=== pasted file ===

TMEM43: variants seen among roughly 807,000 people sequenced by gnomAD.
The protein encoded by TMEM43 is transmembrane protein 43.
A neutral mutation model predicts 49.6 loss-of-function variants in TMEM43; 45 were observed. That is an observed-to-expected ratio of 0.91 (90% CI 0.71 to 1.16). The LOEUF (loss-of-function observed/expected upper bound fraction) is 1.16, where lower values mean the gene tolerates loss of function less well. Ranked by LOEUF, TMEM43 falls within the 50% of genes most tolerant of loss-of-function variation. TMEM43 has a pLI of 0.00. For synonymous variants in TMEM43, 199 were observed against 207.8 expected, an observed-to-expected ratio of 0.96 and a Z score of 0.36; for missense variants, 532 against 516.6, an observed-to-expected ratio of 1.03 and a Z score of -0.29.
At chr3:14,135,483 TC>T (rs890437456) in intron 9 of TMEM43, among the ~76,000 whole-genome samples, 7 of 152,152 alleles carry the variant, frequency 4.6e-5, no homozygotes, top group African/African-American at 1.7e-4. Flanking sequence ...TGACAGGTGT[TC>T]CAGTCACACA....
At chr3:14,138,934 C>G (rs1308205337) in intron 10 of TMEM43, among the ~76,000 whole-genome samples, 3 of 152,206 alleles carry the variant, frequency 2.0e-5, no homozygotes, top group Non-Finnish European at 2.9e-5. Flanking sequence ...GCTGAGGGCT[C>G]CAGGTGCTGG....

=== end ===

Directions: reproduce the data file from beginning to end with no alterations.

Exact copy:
TMEM43: variants seen among roughly 807,000 people sequenced by gnomAD.
The protein encoded by TMEM43 is transmembrane protein 43.
A neutral mutation model predicts 49.6 loss-of-function variants in TMEM43; 45 were observed. That is an observed-to-expected ratio of 0.91 (90% CI 0.71 to 1.16). The LOEUF (loss-of-function observed/expected upper bound fraction) is 1.16, where lower values mean the gene tolerates loss of function less well. Ranked by LOEUF, TMEM43 falls within the 50% of genes most tolerant of loss-of-function variation. TMEM43 has a pLI of 0.00. For synonymous variants in TMEM43, 199 were observed against 207.8 expected, an observed-to-expected ratio of 0.96 and a Z score of 0.36; for missense variants, 532 against 516.6, an observed-to-expected ratio of 1.03 and a Z score of -0.29.
At chr3:14,135,483 TC>T (rs890437456) in intron 9 of TMEM43, among the ~76,000 whole-genome samples, 7 of 152,152 alleles carry the variant, frequency 4.6e-5, no homozygotes, top group African/African-American at 1.7e-4. Flanking sequence ...TGACAGGTGT[TC>T]CAGTCACACA....
At chr3:14,138,934 C>G (rs1308205337) in intron 10 of TMEM43, among the ~76,000 whole-genome samples, 3 of 152,206 alleles carry the variant, frequency 2.0e-5, no homozygotes, top group Non-Finnish European at 2.9e-5. Flanking sequence ...GCTGAGGGCT[C>G]CAGGTGCTGG....